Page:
Of course, it’s not really an argument; it’s just a statement of fact. This makes it sound as if there’s some lingering question that remains unanswered, when we’re dealing with demonstrable truths.
As Jeremy Holden explained, “Between the 2008 election and Obama’s inauguration, the economy lost 2 million jobs. Economists at the Bureau of Economic Analysis recently reported that the economy shrunk by 8.9 percent during the third quarter of 2008 — the fastest rate of contraction in 50 years. It’s not really up for debate whether Obama inherited a bad economy.”
But I have a sinking feeling the chyron is part of a larger message push from the right — were things really that bad when Obama took office?
Two weeks ago, Rush Limbaugh said the president “inherited … an unemployment rate of 5.7%” from Bush. A week later, Sean Hannity went a little further, saying Obama “inherited unemployment at 5.6%” from Bush. They’re both wrong — the unemployment rate was 7.6% on Inauguration Day 2009 and it was climbing fast. These two just made up statistics, apparently out of thin air.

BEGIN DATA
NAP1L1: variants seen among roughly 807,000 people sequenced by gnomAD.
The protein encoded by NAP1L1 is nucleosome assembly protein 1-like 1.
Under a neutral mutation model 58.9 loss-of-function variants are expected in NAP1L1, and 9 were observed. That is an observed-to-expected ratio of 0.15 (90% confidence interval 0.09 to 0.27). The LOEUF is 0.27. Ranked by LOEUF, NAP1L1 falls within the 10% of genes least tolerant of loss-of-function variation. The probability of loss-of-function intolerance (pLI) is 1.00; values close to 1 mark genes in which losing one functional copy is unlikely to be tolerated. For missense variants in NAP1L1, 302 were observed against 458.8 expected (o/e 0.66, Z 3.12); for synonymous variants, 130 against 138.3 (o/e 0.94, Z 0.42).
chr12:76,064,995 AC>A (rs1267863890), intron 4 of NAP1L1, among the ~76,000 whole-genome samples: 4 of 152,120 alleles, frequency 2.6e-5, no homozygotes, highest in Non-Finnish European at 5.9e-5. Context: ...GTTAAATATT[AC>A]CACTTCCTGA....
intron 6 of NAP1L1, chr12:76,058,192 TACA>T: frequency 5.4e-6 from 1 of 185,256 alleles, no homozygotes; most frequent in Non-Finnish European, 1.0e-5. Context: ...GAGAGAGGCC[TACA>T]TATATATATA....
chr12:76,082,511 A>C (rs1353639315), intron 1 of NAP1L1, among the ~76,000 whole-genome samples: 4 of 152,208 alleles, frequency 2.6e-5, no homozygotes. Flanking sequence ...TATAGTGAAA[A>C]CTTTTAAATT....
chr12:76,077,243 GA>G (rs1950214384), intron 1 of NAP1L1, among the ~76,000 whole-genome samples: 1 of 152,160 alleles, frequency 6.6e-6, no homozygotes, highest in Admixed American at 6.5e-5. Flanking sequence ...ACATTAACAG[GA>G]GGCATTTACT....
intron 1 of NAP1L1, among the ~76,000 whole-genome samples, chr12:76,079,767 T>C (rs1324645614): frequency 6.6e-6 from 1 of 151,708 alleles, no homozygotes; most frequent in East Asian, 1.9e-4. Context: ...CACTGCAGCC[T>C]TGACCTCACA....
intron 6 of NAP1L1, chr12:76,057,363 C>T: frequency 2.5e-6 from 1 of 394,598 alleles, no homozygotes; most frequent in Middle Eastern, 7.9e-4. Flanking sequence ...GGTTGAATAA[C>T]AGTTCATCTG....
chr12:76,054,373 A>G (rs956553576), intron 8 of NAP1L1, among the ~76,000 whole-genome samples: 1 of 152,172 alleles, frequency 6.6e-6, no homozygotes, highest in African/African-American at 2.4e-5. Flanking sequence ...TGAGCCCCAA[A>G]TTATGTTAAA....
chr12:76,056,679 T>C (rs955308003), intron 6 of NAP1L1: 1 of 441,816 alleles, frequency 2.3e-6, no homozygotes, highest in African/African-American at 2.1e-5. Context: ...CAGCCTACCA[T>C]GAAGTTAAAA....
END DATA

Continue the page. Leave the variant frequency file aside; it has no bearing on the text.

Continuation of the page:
The point, though, is why they made this up. Plenty of polls show that the public doesn’t necessarily blame President Obama for the mess that started long before he took office, so, over the next year, Republican media outlets will have to make an effort to convince people otherwise. Instead of, “White House Inherited A Bad Economy” we see, “White House Argues It ‘Inherited’ A Bad Economy.”
Just to refresh these outlets’ memories, when Obama took office, the nation was in freefall. Arguably no president in American history started his first day with a list like this: the Great Recession, two deadly wars, a jobs crisis, a massive deficit and budget mess, crushing debt, a health care system in shambles, a climate crisis, an ineffective energy policy, an equally ineffective immigration policy, a housing crisis, the U.S. auto industry on the verge of collapse, a mess at Gitmo, a severely tarnished global reputation, an executive branch damaged by corruption, incompetence, and mismanagement, and an angry, deeply divided electorate.
It was, by most measures, the worst national conditions ever faced by a newly-elected president.
Republican media outlets would prefer voters believe Bush bequeathed a healthy, prosperous nation. That’s insane.